Stefanik, Cobb call for transparency on Ukraine call
Stefanik opposes impeachment; Cobb doesn’t say
U.S. Rep. Elise Stefanik and her 2020 Democratic opponent Tedra Cobb released statements on the presidential impeachment inquiry Congress opened Tuesday, expressing a shared desire for “transparency.”
Stefanik also took a stand opposing impeachment of President Donald Trump. Cobb’s statement did not take a position on impeachment.
Both declined to be interviewed by the Enterprise.
The impeachment inquiry is the result of a complaint filed with Michael Atkinson, who holds the role of inspector general of the intelligence community, about a July phone conversation between Trump and Ukrainian President Volodymyr Zelenskiy, in which the unnamed whistleblower alleges Trump made “certain representations concerning U.S. policy” that the whistleblower “found troubling.”
Stefanik and Cobb both requested transparency and cooperation from the White House and the director of national intelligence. Stefanik called for the whistleblower complaint, which she has read as a member of the House Intelligence Committee, to be released to the public. Cobb said the complaint should be released to Congress, along with related documents.
“I do not support impeachment of President Trump,” Stefanik wrote on Twitter Wednesday evening. “I have just read the whistleblower complaint made available to House Intelligence Committee Members. I believe strongly in transparency and it should be immediately declassified and made public for the American people to read.”
Stefanik’s earlier written statement said, “I support the President’s decision to release the entire transcript of his call with the Ukrainian President to the American public.”
The document released by the White House Wednesday is a memorandum, not a transcript. It comes with a caution that “A Memorandum of a Telephone Conversation … is not a verbatim transcript of a discussion.” Rather, it a collection of written notes and remembrances from people assigned to listen to the conversation.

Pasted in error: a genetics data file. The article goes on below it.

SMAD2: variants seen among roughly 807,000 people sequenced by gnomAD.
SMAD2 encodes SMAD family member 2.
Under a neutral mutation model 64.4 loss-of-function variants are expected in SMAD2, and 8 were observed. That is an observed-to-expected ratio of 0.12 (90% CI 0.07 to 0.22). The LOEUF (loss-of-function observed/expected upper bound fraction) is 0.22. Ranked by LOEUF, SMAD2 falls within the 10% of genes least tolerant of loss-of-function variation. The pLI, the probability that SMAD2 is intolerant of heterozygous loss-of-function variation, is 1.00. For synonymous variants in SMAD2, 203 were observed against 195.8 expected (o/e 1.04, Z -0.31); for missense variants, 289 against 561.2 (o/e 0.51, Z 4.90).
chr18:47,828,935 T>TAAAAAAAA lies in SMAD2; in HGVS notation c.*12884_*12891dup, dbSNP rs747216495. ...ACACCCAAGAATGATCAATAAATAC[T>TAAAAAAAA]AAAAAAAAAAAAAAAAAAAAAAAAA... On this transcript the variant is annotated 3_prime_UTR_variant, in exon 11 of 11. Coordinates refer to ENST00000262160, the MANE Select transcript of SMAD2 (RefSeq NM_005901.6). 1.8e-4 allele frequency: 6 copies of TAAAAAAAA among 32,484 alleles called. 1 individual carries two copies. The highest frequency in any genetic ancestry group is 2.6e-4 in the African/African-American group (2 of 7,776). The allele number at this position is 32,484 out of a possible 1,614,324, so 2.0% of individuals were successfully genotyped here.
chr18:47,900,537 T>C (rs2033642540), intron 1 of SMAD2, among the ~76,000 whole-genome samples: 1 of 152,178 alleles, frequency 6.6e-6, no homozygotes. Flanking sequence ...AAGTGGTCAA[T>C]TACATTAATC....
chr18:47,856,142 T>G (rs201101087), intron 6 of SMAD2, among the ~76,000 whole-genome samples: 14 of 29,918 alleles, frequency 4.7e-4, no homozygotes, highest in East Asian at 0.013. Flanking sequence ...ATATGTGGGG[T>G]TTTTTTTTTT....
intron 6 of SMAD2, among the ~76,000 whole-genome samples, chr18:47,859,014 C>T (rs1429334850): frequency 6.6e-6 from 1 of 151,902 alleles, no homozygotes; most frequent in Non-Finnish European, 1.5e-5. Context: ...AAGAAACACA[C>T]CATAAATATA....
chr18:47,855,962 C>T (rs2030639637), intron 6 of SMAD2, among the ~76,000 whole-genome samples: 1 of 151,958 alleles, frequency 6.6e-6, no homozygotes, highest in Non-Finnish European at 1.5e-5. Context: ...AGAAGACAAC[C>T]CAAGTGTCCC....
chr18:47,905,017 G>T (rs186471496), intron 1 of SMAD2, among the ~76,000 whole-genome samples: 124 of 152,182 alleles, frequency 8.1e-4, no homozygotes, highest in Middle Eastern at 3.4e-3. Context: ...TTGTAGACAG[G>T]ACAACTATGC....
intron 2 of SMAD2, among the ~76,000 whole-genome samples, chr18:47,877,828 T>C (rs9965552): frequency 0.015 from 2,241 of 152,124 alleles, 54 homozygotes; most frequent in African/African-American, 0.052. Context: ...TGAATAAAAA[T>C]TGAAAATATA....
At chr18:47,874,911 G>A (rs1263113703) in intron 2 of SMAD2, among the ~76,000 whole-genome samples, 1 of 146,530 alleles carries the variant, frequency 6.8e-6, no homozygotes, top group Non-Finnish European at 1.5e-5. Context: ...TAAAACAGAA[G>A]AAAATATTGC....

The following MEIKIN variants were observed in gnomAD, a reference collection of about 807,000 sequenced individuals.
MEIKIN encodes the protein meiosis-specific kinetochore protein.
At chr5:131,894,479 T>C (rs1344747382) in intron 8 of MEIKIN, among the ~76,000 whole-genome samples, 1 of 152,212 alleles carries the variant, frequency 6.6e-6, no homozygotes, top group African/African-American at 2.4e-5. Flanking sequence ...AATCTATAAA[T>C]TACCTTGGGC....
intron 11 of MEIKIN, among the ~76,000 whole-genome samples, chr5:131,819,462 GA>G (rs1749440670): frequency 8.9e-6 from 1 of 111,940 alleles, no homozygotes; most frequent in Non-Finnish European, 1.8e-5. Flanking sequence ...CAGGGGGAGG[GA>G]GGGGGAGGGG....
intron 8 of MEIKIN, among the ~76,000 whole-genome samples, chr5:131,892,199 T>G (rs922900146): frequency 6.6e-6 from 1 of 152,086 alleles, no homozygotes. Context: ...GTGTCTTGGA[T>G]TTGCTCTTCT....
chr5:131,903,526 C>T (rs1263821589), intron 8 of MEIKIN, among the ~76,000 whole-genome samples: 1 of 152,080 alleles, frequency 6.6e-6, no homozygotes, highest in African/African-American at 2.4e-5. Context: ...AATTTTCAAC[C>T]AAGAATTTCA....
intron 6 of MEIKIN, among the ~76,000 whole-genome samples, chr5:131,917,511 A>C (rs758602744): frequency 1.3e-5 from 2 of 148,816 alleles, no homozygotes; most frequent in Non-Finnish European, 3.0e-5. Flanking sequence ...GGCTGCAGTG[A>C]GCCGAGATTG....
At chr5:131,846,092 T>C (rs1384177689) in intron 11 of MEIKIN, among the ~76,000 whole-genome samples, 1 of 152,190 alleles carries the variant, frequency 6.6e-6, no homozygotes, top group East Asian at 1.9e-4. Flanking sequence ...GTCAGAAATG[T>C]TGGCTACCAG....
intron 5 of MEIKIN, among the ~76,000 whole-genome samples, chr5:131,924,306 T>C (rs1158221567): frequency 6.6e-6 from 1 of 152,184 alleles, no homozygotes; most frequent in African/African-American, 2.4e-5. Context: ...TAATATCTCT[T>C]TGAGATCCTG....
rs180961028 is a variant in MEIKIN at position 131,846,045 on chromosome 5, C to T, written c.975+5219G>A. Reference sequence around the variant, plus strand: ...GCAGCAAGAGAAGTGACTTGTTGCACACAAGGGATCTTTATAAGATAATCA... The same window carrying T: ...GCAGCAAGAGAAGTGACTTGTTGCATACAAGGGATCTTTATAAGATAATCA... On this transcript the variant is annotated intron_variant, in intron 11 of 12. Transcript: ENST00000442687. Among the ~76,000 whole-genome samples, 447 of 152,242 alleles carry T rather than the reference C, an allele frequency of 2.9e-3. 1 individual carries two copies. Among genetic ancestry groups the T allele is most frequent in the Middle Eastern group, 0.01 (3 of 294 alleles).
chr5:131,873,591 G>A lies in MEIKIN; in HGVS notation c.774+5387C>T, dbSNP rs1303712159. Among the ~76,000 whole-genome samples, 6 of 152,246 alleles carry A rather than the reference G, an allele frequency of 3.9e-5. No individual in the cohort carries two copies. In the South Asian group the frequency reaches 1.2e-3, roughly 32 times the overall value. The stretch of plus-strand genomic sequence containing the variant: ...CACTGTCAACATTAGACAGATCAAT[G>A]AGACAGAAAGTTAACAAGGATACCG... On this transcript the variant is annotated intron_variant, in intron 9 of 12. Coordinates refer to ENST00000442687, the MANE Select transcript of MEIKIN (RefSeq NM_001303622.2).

Stefanik also took the opportunity to pose the impeachment question to Cobb.
“The real question is where does my opponent — failed, far left candidate Taxin’ Tedra Cobb — stand on the impeachment of President Trump given today’s announcement of support by Democratic Leadership?” Stefanik wrote in a statement.
Cobb released a statement Wednesday saying, “The White House must take every step to ensure transparency and cooperate so Congress has all the facts to fully investigate. The whistleblower complaint must be released to Congress in full, along with all relevant documents and communications, and the Director of National Intelligence must be allowed to testify freely.”
She also said Congress must focus on other issues while it proceeds with the impeachment process.
“Investigating this matter of national security, however, does not absolve Congress from working on the issues it has to address: providing access to quality and affordable healthcare and reducing the cost of prescription drugs, rebuilding our infrastructure, protecting our environment, and safeguarding Social Security and Medicare,” Cobb said.
Stefanik first made a statement on the whistleblower complaint last week, asking for Congress to see it.
“There has been bipartisan support to make sure we are following the statute, which is if there is a whistleblower complaint that should be referred to Congress, if the IG finds it credible,” she told the Times Union after participating in a closed-door committee meeting on the complaint last Thursday. “So I think we should make sure we are following the letter of the law and Congress’s intent, which is to notify Congress.”
Acting Director of National Intelligence Joseph Maguire has thus far not shared any information and on Wednesday threatened to resign, amid concerns the White House wouldn’t allow him to share information with Congress when he is set to testify today.